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[Editor’s note: the following article was guest-written by the band Our Friend & The Spiders; check ’em out in the video below]
Touring is only easy for a selected few. For most bands, touring is synonymous with packing, driving, getting lost, unpacking, waiting and playing. This sequence is usually repeated more than once and can get a little frustrating and sometimes even discouraging. However, how you decide to act when you’re not in the touring vehicle is entirely up to you. Being nice is not always easy, especially when you’ve been in a van for 8 hours, but it’s still a choice. As a band, we decided without ever really talking about it that we we’re going to be nice. We try to be nice to everyone, but being nice to the soundman and the other bands on the bill has actually brought us a lot.▼ Article continues below ▼
One of our bandmates is a soundman, so we’ve always been nice to the soundmen on tour out of respect. When you soundcheck, you should always try to get the sound you’re looking for. However, when you’re playing in a hole-in-the-wall that opened its doors in 1963 where the PA system has never been updated, the soundman can’t perform miracles. You can request more vocals in the monitors, more reverb in the voice, or a little extra volume, but there are limits! Sometimes, the soundman has 45 minutes to soundcheck 4 bands…it won’t be perfect! As a band, you should recognize those limits and not push your luck. The advantages of dealing with a soundman that is on your side are numerous. Firstly, he will actually listen to your set and adjust the sound as you play. He will take the time to make you sound as good as possible. When you act like U2, the soundman will often tune out while you play, which is usually not a good thing. Being nice to soundmen also increases your chance of being booked. A lot of times, soundmen work in more than one bar and if they like you, they will not hesitate recommending you to the bookers. This of course can lead to more gig opportunities, which is something that most bands are after. This has actually paid off for us more than once!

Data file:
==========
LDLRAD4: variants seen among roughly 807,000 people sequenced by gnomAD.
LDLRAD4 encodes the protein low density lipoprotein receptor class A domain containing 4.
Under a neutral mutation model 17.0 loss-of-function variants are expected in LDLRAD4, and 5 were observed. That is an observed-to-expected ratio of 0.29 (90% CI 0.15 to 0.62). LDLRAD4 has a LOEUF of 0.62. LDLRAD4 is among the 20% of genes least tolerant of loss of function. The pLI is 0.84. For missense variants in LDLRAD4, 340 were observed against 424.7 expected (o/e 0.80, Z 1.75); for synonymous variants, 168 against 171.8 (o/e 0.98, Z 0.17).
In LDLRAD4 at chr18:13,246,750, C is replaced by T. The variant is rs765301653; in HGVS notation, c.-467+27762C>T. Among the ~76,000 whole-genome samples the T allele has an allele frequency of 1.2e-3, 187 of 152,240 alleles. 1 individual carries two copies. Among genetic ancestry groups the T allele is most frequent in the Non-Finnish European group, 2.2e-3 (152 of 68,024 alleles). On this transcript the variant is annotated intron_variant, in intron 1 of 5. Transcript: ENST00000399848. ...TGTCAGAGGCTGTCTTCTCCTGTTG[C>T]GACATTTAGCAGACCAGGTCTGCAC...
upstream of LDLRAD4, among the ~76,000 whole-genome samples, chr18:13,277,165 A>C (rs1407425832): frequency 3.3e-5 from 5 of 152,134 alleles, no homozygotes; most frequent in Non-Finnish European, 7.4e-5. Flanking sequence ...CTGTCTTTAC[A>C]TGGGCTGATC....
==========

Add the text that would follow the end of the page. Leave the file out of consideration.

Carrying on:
Being nice to other bands has also paid off more than once. It is of course impossible to like all the bands that you play with, but you can easily stay away from those you know you won’t. You will come across many people, many personalities and many styles of music. It can actually be fun to get to know the bands and it is always interesting to talk about the path that led them to being on the same bill as you. Over the years, we’ve had great conversations and heard great stories about life on the road.
You’re probably asking yourself how this can actually help your band? Well, first of all, you can get really good information on where to play. The bands you meet often have different experiences on the road and can give you valuable information about venues, cities, contacts, etc. This can help your band eventually book a more efficient tour. Also, it’s a great way of getting information on similar local bands that you can contact to share the stage. It has worked out for our band many times while on the road. Also, being nice with other bands usually leads to them listening to your set. When this happens, it increases your chances of getting word of mouth out about your band. This has helped us when going back to the same city for a second or third time. Local bands had talked about us after our first passage and a lot more people came out to our gig the second time.
Being nice isn’t always viewed as cool, but it can really help your band, and face it, the road would be a much better place if we all got along!